Authorship Attribution and Law

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The polluter pays principle (herein PPP) stems from the international sphere, and requires that the cost of the pollution be borne by those that cause it. As one of the principles laid down in the Treaty of the Functioning of the European Union (TFEU) environmental law of the European Union (EU) is required to be based on PPP as well as the others principles identified in the Article. As a general principle PPP is explicitly mentioned or implicitly referred to in a number of Multilateral Environmental Agreements, despite this no other principle has caused such profound disagreement, in order to understand the reasoning’s behind the disagreements, there is need for a detailed explanation and identification of the principle both in the national and international field.

The principle has been associated with a proclamation by Plato that ‘if anyone intentionally spoils the water of another… let him not only pay damages, but purify the stream or cistern which contains the water… despite this the first reference to PPP at an international level was not until 1972 when the OECD realised a number of recommendations stating that PPP should be used for ‘…allocating costs of pollution prevention and control measures…’and that the principle means ‘…that the polluter should bear the expenses…’ After these recommendations PPP gained standing in other international settings including the Rio Declaration, OSPAR Convention and  the European Community, as it was known then, as seen with the first environmental action programme in 1973. Since then the principle has not only seen application in the treaties of the EU but also in EU Directives, such as the Environmental Liability Directive.

This Environmental Liability Directive is based on the PPP and imposes liability on the operatives of sites for the damage or the threat of damage to protected species, natural habitats and sites of special scientific interest (SSSI), as well as any damage caused to water and land It by also requires that the operators prevent, disclose and remediate such environmental harm.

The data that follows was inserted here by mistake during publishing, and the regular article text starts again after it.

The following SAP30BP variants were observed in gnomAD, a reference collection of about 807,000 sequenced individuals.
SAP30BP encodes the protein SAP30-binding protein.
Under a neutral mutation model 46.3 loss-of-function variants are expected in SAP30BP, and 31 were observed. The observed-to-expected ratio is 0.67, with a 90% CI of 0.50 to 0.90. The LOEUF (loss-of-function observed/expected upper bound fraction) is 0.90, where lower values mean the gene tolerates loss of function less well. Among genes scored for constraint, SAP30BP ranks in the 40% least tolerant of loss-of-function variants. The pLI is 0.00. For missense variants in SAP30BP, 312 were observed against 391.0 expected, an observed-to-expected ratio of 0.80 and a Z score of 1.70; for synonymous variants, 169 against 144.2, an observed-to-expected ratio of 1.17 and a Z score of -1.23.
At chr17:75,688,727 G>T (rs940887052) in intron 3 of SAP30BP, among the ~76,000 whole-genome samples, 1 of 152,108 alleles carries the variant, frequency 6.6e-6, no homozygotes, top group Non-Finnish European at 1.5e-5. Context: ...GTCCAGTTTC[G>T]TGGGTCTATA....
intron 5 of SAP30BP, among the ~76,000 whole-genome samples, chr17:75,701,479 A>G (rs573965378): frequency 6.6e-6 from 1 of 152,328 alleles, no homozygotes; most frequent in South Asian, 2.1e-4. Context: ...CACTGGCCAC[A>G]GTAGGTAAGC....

In order for the Directive to be effectively implemented into UK law the Environmental Damage (Prevention and Remediation) Regulation 2009 was drafted and came into force on March of 2009. This extended PPP under UK environmental law by not only imposing a strict liability on operators but also a fault-based liability or negligence on operators for the damage to protected species, natural habitats or SSSI’s. In 2010 these regulations were amended in order to clarify their meaning in relation to marine habitats.

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Despite the implementation of legislation both on the international and national level the precise legal definition of PPP remains elusive. Before any treaty provisions were in place the European Court of Justice (ECJ) had shown ingenuity in expanding the EU’s competence in the environmental arena, however there has been little to no discussion as to the scope of PPP since. R v. Secretary of State for the Environment Ex parte Standley is one of the few cases in which PPP has been referred to the ECJ.

The case first appeared in the UK Courts before it was referred to the ECJ. The issue of ...

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